BACK IN THE DAY
Where were we when I was so rudely interrupted? Oh yeah, we were approaching the railroad tracks south of Caledonia in the rain. Well, it wasn’t really raining hard, it was just spitting. Having crossed the tracks on the way up to Mike’s cottage made me an expert railroad track crosser - in my own mind at least. So, I approached the railroad tracks at the 45-degree angle at 100 kph without giving it another thought. Little did I know that my world was about to change dramatically!
As the front tire hit the first track, the bike leaped to the left and then righted itself – just in time for the front tire to hit the second track (or the rear tire hit the first track – who knew at this point?) and the whole series of slip, slide and then grab for traction, causing the bike to jump wildly while moving increasingly to the left long enough to put me in the oncoming lane!
Unfortunately, that wasn’t the worst of our problems – only because there was no oncoming traffic at that point – what worried me more was Mike on the back being cool. What that meant was that he was no longer holding on (if you remember in the last chapter, he had let go in order to look and feel cool) and at one point during the ordeal, I caught the sight of Mike’s leg about eye-high and swinging wildly! In retrospect, the only things that saved us (aside from the lack of oncoming vehicles) was the fact that the tires were brand new, and I had a death-grip on the bars (befitting my station as a new rider who was in over his head).
I managed to keep it together long enough to pull over at the side of the road (my side – not the wrong side) to attempt to figure out what just happened. Actually, if I’m truly honest, it was primarily the fact that I really needed some time to let my heart return to its designated spot in my chest and slow down from the 200 beats per minute to a more reasonable rate and to check my underwear for bricks. The first thing I did once I managed to bring the bike to a halt was to turn around and check to see if Mike was still there. Luckily, he was, since he was dressed in the uniform of the unwitting – a short-sleeved shirt, jeans and flip-flops – and don’t forget his helmet, black-taped to his head!
I could see by the look on his face that he wasn’t amused, and if I missed that, I could hear him yell (through gritted teeth – don’t forget the black tape) “What the f**k just happened? Since I had no idea myself, I stalled for time asking him what he had just said, and that he might want to repeat it slowly, so I could comprehend his question. After he repeated himself, I admitted that I wasn’t sure, but we should light up a smoke and try to figure it out. Between the two of us, we managed to ascertain that railroad tracks in the rain were substantially different than railroad tracks in the dry weather. This was just the first installment in my education about the differences between motorcycles and all the other vehicles that I had previously driven. It certainly wasn’t the last. We managed to make it back to Hamilton relatively unscathed, and we even stopped at the bike shop so that Mike could purchase a real motorcycle helmet before I dropped him off at home.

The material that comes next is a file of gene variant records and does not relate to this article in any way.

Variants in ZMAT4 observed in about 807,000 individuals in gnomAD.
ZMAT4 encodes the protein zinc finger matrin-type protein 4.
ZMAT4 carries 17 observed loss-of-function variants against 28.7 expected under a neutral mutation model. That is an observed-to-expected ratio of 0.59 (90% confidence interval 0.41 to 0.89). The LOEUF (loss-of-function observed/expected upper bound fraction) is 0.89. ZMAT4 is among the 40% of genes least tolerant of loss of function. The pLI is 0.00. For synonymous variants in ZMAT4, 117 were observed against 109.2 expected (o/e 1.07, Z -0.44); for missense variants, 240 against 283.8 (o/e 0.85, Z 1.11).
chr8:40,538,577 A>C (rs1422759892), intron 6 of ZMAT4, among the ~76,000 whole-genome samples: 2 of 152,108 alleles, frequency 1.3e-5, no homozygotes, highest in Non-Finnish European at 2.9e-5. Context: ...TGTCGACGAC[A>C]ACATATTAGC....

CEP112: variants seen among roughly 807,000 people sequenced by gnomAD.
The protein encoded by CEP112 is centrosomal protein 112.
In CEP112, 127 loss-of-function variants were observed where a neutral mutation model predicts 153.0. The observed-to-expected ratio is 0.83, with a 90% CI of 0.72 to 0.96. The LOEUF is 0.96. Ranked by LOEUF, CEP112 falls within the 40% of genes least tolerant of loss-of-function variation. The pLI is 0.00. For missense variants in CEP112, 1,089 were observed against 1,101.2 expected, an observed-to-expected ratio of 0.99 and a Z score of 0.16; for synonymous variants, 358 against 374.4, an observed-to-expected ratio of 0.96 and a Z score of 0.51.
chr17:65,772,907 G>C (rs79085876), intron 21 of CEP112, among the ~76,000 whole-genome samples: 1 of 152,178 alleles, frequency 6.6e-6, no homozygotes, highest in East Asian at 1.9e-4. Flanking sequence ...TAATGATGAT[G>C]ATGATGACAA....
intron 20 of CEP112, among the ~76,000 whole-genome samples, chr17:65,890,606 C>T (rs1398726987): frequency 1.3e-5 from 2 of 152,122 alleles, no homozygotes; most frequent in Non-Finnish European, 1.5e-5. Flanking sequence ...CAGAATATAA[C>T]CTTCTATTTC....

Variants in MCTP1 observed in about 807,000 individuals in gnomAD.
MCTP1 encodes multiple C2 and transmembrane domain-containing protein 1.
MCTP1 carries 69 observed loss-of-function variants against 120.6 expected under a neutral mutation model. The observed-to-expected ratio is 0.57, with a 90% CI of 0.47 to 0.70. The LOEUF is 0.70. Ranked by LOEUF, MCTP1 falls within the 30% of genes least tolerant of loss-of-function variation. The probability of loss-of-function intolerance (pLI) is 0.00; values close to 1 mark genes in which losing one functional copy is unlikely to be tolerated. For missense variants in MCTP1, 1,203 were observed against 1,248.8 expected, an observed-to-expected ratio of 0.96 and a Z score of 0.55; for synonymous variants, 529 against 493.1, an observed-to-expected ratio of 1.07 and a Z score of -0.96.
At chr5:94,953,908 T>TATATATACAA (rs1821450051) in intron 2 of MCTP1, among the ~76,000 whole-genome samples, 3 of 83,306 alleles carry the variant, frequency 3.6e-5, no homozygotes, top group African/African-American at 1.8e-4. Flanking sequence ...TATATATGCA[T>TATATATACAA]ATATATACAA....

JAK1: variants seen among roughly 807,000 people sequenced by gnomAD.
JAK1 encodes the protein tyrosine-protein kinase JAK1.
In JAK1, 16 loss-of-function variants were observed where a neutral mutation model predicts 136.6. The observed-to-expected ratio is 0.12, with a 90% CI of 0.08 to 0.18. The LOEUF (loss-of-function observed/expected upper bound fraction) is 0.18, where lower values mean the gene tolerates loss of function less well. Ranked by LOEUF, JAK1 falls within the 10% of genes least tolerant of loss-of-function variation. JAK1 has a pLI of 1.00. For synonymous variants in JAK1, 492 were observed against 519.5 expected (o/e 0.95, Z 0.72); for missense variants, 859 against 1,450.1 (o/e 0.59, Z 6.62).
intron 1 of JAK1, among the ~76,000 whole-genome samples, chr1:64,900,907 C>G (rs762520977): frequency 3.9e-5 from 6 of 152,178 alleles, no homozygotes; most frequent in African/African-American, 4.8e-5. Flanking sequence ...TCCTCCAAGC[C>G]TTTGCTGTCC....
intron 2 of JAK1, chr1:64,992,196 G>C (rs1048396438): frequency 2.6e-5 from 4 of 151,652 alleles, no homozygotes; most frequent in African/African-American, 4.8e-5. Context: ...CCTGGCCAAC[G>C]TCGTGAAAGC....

Considering that this was the middle of August, I just had time to purchase and have installed a handlebar fairing to cut down the wind blast on the highway, and to distance me even further from the cool guys riding Harleys or Triumphs. Looking back, my biggest difference was that even though I was a rider, my choices still made me look like a dork. Nonetheless, as it turned out, my choice of bike, size and accessories was ideal for the use that we were going to put it to! Beginner’s luck, I guess – I would make many more stupid decisions before I finally had to admit to myself that I really didn’t know what the hell I was doing. Unfortunately, that was about 10 years later – but that didn’t stop me from starting to teach people how to ride the next summer!
Before we jump forward that far, there are several lessons that Mike and I had to learn over the Winter – and we had to learn them the hard way. We started commuting to St. Catharines in September, and we rode (or at least I rode, since I had promised Mike that I wouldn’t let him pilot the machine because he hadn’t paid for it) all but 5 or 6 days in the winter when it snowed hard. Mike and I wore snowmobile suits and gloves to ward off the cold, and they came in very handy later – but that’s another story that we’ll save until the next column.
In the meantime, I mapped out a route to Brock that allowed me to introduce some really nice roads (i.e. hills and turns) to the end of our journey – setting us up with a shot of adrenalin to start our day at school. We would get off at 1st Street South which ultimately lead to a massive downhill stretch, just before turning in to a snake-like series of curves as it wound its way up the Niagara Escarpment past Lake Moodie and Lake Gibson. We would use the downhill section to easily gain speed so that as we crossed the little bridge at the bottom (just before the right-angle left turn!) we could get some air on a good day with no traffic in front of us – which was most days. I’m certain that even the slowest among us can see the problem that is likely going to occur, although I must have been slower than that, since it didn’t dawn on me until it happened. More on that topic next time…
Questions / comments, always welcome.
"The Old Timer"